South Texas elected and civic leaders will join Francisco G. Cigarroa, M.D., president of The University of Texas Health Science Center at San Antonio (UTHSCSA), on Dec. 11 to break ground on the first biomedical research facility of its kind to be located on the U.S.-Mexico border.
The $20 million Medical Research Division of the Regional Academic Health Center (RAHC), operated by UTHSCSA, will be devoted to basic and epidemiological study of diseases that disproportionately affect the Lower Rio Grande Valley, which has about 1 million residents. A portion of the new facility also will house a cooperative Doctor of Pharmacy program.
The Medical Research Division will complement the RAHC Medical Education Division, which UTHSCSA opened June 28 in Harlingen, and the RAHC Public Health Division, which the UT Health Science Center at Houston opened in Brownsville.
The new facility will be across the street from The University of Texas-Pan American (UTPA), enabling research faculty to mentor undergraduate, graduate and post-graduate students from UTPA and other area universities in summer and other research experiences. The RAHC students at the Medical Research Division will be master's- and doctoral-level students enrolled in the Health Science Center's Graduate School of Biomedical Sciences. The Doctor of Pharmacy students will be enrolled in a cooperative program between UTPA and UT Austin.
"We are so grateful to Senator Eddie Lucio Jr., who authored the legislation that established the Regional Academic Health Center, and to Senator-Elect Juan Hinojosa, who sponsored the legislation in the House," Dr. Cigarroa said. "Their vision is resulting in the education of medical students in the Valley and soon the post-graduate work of young scientists in the Valley. We also want to honor all the outstanding members of the Valley legislative delegation, and the city of Edinburg and Mayor Joe Ochoa, who recently presented a $1 million check to show the city's commitment to this great undertaking."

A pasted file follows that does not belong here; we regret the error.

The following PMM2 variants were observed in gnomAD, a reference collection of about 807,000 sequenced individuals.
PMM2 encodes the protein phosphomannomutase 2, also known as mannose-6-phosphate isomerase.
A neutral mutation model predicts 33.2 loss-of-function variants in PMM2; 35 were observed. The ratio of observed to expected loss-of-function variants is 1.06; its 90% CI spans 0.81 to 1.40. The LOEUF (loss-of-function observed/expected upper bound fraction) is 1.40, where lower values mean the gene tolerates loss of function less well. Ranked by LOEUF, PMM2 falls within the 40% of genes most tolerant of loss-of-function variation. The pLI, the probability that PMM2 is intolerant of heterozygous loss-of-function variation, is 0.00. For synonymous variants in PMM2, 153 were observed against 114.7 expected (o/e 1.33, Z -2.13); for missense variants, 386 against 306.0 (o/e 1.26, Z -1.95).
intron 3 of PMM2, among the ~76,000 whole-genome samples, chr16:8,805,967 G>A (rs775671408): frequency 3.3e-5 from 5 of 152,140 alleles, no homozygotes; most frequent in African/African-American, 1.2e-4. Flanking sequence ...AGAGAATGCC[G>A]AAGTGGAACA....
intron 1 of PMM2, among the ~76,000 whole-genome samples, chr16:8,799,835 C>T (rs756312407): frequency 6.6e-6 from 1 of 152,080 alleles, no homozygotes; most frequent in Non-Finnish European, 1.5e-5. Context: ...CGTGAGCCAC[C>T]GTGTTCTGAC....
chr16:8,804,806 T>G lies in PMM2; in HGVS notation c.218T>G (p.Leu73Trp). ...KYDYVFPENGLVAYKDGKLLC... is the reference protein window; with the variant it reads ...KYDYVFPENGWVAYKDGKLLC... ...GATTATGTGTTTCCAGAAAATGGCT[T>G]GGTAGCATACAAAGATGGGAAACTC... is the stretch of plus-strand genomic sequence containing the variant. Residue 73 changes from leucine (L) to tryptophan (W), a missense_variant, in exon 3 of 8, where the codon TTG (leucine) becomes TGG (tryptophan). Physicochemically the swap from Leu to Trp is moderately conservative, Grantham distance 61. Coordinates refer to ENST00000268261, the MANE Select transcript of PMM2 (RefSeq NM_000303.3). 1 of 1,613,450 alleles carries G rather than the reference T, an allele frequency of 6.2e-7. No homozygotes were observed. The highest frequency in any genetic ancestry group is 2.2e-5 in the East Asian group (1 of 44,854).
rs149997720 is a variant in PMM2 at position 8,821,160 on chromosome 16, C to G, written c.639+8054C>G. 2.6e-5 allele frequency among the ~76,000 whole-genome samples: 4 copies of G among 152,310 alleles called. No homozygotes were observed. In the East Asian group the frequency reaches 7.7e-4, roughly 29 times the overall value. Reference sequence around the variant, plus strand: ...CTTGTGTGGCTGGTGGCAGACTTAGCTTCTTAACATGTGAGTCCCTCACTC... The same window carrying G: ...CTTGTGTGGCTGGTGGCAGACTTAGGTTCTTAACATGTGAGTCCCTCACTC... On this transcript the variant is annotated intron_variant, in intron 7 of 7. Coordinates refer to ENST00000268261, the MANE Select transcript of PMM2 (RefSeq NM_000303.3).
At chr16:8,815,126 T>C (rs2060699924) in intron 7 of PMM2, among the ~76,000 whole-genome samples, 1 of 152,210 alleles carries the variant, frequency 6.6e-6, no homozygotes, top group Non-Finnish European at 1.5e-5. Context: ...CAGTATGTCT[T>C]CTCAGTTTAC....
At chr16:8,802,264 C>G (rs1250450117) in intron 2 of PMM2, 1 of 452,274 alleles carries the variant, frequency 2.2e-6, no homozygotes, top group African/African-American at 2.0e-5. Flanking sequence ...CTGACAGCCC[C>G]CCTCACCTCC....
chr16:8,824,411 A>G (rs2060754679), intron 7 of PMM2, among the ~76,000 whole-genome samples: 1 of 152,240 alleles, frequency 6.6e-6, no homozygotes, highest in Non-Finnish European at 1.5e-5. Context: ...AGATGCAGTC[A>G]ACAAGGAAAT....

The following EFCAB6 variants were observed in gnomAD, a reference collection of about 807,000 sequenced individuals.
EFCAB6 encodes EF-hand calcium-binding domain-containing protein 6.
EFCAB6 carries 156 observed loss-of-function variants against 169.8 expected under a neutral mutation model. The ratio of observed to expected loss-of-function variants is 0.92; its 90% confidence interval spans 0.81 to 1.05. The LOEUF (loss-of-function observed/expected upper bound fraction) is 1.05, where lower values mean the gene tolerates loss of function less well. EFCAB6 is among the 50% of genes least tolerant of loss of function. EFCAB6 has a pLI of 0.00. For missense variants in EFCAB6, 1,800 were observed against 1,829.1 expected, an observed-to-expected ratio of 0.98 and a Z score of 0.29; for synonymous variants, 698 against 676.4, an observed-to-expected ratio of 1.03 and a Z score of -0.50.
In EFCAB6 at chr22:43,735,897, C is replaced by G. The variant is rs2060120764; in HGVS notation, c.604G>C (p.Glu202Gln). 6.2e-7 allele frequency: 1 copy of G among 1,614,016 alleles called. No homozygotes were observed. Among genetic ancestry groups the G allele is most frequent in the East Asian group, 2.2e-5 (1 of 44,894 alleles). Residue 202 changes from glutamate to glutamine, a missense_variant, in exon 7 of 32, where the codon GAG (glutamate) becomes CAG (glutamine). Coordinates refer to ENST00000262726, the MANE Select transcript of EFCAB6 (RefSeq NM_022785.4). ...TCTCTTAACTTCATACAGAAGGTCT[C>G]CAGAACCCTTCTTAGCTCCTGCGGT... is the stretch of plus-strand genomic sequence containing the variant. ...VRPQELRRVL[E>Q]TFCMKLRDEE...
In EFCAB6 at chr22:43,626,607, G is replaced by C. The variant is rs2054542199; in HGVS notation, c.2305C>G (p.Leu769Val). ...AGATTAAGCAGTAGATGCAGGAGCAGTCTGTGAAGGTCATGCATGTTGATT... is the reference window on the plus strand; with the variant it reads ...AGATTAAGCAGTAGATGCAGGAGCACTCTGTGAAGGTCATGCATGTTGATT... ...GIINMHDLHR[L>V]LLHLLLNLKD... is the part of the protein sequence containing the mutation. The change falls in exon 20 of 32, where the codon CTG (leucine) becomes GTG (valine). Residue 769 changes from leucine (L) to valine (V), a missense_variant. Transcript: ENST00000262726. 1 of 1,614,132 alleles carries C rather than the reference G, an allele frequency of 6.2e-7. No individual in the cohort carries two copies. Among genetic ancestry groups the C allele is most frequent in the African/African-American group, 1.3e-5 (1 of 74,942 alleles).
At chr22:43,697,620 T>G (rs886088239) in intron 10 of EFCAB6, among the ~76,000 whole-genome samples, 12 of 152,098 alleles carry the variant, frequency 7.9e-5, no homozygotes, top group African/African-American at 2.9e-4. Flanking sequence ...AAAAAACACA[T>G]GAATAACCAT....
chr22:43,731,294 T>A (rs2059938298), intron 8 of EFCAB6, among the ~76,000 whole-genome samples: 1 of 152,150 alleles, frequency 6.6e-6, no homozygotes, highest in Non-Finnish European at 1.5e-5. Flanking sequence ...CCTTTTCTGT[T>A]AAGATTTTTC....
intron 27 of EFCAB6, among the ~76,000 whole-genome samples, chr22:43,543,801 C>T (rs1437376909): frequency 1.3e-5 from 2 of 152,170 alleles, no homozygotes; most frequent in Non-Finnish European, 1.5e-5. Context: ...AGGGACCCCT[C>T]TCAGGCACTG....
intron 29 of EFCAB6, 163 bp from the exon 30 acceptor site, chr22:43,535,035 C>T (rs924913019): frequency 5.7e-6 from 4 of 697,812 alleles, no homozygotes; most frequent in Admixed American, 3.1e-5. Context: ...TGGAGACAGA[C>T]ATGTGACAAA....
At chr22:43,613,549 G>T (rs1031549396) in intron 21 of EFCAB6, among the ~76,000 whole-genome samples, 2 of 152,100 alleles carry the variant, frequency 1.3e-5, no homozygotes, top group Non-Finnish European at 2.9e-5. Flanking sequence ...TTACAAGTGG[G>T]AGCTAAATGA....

Tuberculosis, diabetes, dengue fever, hepatitis, cholera, leprosy, certain cancers and neural tube defects are seen in high concentrations in the Valley. Cases sometimes occur in clusters. A famous example occurred in the mid-'90s, when an unusually large number of neural tube defect births were reported along the Rio Grande. Dengue fever is rare in Texas, but 20 cases were reported in the Lower Valley during a 1999 outbreak. Texas Department of Health statistics show that Cameron County, which includes Harlingen and Brownsville, had a tuberculosis rate of 17.9 cases per 100,000 residents in 2000, compared to the state rate of 7.2. Hidalgo County, which includes Edinburg and McAllen, had a rate of 14 cases per 100,000.
Hidalgo County, which is 88 percent Hispanic, reported 163 deaths from diabetes in 2000 — a rate of 38.6 per 100,000 residents compared to the state average of 31.1 (death rates have been age adjusted).
"Other academic centers offer education to students in various health fields, but the RAHC affords the opportunity for top-quality biomedical research to occur right here on the border," said Leonel Vela, M.D., M.P.H., regional dean of the RAHC in the UTHSCSA School of Medicine. "Medical education and research in the Valley, provided through the Regional Academic Health Center in Harlingen and Edinburg, will help level the playing field for opportunities in this increasingly important part of our state."
The architect is Hellmuth, Obata & Kassabaum Inc. The general contractor has not been selected. The RAHC Medical Research Division will include a laboratory animal resources facility, a Level 3 biological safety laboratory, offices and other lab space.